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Textiles assume greater role in ‘soft robots’

Marie O’Mahony

Next year marks the centenary of the word 'robot' in Karel Capek’s play R.U.R., where the intelligent machine in the workplace is portrayed as a threat to mankind.

13th November 2019

Marie O'Mahony
 |  US

Medical/Hygiene, Transport/​Aerospace, Protective

Shaking hands with NASA’s Emily McBryan and Robo-Glove. © Marie O’Mahony

Shaking hands with NASA’s Emily McBryan and Robo-Glove. © Marie O’Mahony

Next year marks the centenary of the word robot in Karel Capek’s play R.U.R., where the intelligent machine in the workplace is portrayed as a threat to mankind. Their physical hardness and rigidity has become a visual shorthand for their non-human or otherness. As applications for robotics have moved to include the human body as well as the workplace and the environment, there has been a noticeable emphasis on robots that are softer and more flexible with textiles assuming a greater role in how they are now imagined.

In his first editorial for Soft Robotics launched in 2013, Editor-in-Chief Barry Trimmer explained the motivation behind the journal: “by building soft materials into the fundamental design of machines, or by building them completely from soft materials, we add a new dimension to design and create an untapped resource for entirely new types of machinery”.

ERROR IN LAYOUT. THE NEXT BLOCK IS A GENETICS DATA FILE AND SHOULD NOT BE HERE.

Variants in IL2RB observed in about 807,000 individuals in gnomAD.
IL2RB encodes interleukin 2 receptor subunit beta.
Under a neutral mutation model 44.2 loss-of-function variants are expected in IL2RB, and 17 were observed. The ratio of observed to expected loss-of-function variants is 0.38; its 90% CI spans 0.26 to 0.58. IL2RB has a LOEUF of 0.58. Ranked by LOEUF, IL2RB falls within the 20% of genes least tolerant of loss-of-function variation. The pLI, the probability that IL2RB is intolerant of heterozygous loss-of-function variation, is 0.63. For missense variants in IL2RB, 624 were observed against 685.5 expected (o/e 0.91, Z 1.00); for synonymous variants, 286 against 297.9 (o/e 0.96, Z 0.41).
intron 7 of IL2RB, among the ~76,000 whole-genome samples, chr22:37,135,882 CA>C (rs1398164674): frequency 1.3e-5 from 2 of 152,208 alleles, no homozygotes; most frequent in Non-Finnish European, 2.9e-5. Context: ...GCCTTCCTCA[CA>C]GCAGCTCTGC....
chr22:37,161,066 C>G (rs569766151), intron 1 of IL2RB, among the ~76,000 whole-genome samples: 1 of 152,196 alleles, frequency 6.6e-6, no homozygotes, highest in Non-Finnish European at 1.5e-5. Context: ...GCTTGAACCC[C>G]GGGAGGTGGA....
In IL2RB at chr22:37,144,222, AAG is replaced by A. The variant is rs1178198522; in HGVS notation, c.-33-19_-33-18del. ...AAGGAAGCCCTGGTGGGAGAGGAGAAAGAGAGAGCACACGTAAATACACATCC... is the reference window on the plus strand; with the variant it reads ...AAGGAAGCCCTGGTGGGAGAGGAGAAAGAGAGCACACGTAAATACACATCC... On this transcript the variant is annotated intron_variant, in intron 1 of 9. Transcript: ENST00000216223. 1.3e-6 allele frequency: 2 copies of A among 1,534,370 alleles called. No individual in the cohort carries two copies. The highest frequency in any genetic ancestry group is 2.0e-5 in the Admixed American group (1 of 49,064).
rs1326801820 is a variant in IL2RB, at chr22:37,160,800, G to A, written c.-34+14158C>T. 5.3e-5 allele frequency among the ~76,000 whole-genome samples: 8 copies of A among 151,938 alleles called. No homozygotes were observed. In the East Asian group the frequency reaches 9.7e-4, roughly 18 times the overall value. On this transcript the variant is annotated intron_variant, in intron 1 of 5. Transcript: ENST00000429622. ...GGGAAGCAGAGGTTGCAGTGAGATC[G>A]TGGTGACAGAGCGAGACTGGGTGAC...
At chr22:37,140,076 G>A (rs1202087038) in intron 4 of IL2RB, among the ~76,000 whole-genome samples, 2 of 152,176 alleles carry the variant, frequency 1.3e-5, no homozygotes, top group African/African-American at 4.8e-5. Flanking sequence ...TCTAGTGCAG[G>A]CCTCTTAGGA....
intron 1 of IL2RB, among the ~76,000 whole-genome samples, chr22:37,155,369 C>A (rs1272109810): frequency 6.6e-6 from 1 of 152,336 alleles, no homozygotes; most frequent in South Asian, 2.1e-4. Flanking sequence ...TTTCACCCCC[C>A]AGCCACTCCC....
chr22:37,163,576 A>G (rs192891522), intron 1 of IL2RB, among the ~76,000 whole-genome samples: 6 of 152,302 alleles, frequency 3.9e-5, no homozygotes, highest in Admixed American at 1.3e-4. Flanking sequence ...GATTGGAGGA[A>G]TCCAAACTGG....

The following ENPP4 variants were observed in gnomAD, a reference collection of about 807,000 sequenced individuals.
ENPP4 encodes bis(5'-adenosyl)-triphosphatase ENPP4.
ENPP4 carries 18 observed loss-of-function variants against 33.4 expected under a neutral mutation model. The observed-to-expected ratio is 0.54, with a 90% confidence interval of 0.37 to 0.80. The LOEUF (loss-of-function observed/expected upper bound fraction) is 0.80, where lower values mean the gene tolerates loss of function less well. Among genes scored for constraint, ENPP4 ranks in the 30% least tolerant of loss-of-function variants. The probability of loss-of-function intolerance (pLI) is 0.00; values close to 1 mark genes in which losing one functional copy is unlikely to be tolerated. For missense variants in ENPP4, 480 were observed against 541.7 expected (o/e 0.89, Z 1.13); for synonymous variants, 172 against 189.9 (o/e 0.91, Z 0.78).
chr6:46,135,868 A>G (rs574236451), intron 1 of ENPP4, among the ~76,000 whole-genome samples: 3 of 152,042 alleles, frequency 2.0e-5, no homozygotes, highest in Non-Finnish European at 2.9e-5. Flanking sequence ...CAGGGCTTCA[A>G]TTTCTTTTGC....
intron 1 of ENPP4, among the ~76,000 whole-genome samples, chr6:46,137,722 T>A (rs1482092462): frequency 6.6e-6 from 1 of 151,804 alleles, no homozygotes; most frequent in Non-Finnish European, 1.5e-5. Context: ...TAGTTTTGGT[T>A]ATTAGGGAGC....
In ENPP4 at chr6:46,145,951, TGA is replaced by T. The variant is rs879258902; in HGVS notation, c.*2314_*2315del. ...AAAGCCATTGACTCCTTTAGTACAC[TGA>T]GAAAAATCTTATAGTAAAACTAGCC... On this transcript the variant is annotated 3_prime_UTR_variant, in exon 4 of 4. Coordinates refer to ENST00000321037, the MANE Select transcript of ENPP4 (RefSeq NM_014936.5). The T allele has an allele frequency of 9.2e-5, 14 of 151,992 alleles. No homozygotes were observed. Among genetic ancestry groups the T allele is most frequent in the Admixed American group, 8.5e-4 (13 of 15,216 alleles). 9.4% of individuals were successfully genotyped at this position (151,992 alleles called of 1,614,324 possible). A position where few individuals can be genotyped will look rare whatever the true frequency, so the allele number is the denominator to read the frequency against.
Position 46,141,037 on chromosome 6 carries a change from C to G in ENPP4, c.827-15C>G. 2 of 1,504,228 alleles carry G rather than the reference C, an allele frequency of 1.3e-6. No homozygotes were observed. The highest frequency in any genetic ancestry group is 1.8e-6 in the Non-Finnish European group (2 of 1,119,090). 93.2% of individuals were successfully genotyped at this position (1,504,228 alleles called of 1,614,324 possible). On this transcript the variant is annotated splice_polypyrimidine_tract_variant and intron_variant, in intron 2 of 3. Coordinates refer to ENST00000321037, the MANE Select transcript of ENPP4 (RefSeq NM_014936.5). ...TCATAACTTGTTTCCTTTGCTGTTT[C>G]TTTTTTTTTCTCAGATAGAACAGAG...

This marks an important shift in the technological mindset around what a robot can be and how it can function alongside, even augmenting humans. In space, military, medical and material applications robots are finding new ways to bring benefit made possible by their unique attributes that can include strength, intelligence, flexibility and softness.


Before mankind set foot on the moon, NASA had sent Ranger, Surveyor and Lunar Orbiter robots to gather and transmit information in preparation for human travel to Space. Designed for performance and ruggedness, these look and behave in ways that are most commonly associated with robots for Space research.

However, designers of soft-goods at NASA are combining robot technology with apparel in the design of their Robo-Glove. Sensors placed in the fingertips of the glove allow for the fingers to be set rigid to grip tools or equipment, then pressed again to release. This provides muscle support without compromising dexterity through the thick protective layers of the glove. Molly Harwood, one of the NASA designers describes it as “feeling like power steering for your hands”. 

Sensors and actuators can be incorporated as wearable technology, which, of course, this robo-glove is. But in bringing it to the level of robotics the expectation and approach are shifted towards a higher level of physical support beyond what a textile-first design might deliver.


Much of the emphasis in US military close to or on-body robotics has been focused on exoskeletons with developments such as the Human Universal Load Carrier (HULC) relieving muscle strain on the wearer traversing rough terrain in strenuous and stressful conditions. However, treatment of injured soldiers is also an area of research.

NASA’s Robo-Glove gripping action. © Marie O’Mahony

NASA’s Robo-Glove gripping action. © Marie O’Mahony